Biti said the move was in response to positive reforms implemented by the unity government formed last year by arch-rivals President Robert Mugabe and Prime Minister Morgan Tsvangirai.
“There is a general understanding and support for the restoration of Zimbabwe’s voting rights. The IMF executive board will meet this month to decide on the issue,” said Biti who was in Washington last week to lobby for the restoration of the rights.
“We were pushing for the restoration of Zimbabwe’s voting rights in the IMF. The US will support us, and we made similar requests to Germany and the UK, who will also support us in this regard.”
Zimbabwe, which Biti said needed at least US$8 billion to rebuild its battered economy, had its voting rights suspended by the IMF in 2003 over policy differences with Mugabe’s government and payment arrears to the IMF.
The country is emerging from a decade of economic decline, which critics of Mugabe blamed on his land reform policies and economic mismanagement that led to hyperinflation.
Since the creation of the unity government a year ago, Zimbabwe’s economy is showing signs of recovery with gross domestic product growth at a better-than-expected 4,7% in 2009.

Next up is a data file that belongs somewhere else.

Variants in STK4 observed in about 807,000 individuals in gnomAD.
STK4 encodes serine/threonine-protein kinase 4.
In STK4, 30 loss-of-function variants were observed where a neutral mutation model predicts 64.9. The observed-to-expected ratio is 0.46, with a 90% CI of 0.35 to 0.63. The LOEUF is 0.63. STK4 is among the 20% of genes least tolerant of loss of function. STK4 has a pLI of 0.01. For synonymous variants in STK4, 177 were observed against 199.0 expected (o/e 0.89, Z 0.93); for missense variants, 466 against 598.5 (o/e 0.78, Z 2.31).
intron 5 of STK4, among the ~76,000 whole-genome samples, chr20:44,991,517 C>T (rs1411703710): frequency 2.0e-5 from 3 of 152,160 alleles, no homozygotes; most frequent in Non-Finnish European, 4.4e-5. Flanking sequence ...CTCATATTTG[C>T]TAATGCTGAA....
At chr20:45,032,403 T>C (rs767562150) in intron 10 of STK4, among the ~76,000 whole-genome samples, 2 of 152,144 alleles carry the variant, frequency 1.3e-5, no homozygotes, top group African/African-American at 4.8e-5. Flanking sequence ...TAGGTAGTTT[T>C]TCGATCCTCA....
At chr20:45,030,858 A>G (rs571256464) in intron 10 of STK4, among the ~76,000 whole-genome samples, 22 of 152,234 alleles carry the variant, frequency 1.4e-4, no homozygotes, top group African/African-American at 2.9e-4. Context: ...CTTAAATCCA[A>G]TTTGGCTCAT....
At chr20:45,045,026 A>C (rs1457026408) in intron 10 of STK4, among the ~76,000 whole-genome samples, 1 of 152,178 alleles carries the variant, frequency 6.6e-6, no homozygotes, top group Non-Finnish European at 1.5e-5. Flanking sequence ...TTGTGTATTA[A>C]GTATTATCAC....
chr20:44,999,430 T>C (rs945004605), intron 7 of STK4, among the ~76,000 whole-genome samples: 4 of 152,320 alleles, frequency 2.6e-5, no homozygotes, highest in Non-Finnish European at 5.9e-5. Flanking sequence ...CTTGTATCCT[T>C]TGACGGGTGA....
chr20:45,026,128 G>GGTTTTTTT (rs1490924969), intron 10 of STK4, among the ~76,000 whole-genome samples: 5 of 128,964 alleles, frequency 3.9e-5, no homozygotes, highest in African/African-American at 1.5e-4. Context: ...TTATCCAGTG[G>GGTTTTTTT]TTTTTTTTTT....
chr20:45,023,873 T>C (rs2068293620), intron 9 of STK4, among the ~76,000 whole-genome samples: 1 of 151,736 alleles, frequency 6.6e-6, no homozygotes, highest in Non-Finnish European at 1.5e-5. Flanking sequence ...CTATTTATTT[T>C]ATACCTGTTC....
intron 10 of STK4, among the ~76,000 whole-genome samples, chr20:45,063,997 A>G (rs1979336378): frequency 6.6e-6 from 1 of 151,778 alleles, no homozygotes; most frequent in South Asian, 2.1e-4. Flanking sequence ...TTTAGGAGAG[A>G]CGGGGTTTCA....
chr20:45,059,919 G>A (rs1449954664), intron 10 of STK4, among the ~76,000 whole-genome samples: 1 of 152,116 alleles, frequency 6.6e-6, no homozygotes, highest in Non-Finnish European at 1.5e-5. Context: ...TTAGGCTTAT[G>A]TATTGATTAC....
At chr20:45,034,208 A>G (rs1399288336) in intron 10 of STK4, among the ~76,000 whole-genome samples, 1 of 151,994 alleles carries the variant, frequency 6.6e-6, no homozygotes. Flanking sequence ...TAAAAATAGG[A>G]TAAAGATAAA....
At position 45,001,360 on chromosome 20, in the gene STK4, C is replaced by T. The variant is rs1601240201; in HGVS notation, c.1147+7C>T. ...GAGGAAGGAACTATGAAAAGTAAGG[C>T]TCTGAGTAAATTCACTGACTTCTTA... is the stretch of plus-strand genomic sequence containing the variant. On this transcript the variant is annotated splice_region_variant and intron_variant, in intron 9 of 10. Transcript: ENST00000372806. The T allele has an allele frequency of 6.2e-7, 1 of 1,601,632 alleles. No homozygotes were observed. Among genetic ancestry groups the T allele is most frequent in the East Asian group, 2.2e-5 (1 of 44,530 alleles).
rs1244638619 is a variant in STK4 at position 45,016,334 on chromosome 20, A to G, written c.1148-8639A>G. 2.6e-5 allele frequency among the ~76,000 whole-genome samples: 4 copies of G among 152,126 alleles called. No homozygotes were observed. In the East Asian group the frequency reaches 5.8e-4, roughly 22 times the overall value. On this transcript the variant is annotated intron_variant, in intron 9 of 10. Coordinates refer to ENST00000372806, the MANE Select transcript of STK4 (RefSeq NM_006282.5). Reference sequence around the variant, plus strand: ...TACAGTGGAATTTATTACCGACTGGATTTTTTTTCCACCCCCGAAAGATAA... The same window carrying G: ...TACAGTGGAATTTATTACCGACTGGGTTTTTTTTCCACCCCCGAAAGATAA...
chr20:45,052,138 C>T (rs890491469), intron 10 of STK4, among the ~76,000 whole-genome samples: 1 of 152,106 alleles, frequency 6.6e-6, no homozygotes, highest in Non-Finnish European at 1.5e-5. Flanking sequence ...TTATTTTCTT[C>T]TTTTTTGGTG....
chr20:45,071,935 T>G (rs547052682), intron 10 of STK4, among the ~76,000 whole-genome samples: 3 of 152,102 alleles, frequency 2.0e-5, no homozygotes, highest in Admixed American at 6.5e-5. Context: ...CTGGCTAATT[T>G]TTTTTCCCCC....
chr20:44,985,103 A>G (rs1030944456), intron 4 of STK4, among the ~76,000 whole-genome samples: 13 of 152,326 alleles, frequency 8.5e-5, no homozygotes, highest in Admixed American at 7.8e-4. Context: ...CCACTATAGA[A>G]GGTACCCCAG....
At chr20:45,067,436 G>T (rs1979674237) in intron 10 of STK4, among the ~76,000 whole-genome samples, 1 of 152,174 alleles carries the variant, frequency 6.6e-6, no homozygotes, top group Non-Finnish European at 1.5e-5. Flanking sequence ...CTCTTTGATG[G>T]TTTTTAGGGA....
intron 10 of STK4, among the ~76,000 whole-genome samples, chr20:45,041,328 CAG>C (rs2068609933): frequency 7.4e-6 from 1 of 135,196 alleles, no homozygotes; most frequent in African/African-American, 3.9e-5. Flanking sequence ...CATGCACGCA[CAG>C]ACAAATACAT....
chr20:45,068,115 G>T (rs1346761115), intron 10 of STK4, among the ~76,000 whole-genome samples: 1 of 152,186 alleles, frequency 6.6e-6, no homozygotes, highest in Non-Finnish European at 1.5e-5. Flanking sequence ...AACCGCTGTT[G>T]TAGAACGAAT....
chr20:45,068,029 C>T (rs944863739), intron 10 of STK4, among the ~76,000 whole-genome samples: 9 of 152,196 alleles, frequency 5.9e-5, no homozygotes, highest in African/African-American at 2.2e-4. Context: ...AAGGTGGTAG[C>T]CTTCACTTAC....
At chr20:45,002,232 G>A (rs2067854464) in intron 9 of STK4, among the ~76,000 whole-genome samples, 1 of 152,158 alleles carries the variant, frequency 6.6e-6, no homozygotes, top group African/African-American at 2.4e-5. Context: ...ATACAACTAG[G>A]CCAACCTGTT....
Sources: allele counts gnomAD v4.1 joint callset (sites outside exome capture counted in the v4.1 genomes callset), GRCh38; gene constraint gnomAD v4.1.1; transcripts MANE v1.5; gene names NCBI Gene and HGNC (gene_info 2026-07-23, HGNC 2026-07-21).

Samuel Itam, who represents a constituency of African countries on the IMF board, including Zimbabwe, said he was “cautiously optimistic” about Zimbabwe’s request for the restoration of its multi-lateral financial institution voting rights .
He said the Zimbabwean government had paid off some of its IMF arrears and was working out a plan to clear the rest.
According to the IMF, Zimbabwe settled some of its arrears in 2006. The government committed to reduce a further US$140 million in arrears through token quarterly payments of about US$100 000 to the Fund from May 2009. Since then, the authorities have made US$300 000 in payments.
“I am cautiously optimistic there will be sufficient support in recognition of the effort Zimbabwe has made to (meet) its obligations to the international organisation,” Itam told Reuters in Washington.
Restoration of Zimbabwe’s voting rights would signal the international community’s confidence in political and economic reforms of the unity government.
Asked whether Zimbabwe could apply for IMF loans once its voting rights were restored, Itam said: “We will take that as it comes.”
He said Zimbabwe had been cooperating with IMF staff on policies needed to fix its economy and in discussions on how best to deal with its debt obligations to the institution.
“Zimbabwe needs the support for whatever progress it has made for that progress to be intensified,” Itam said.
The IMF has said that any access to its loans by Zimbabwe would require a “sustained track record of sound policies and donor support for the clearance of arrears to official creditors”. –– Reuters and Staff Writer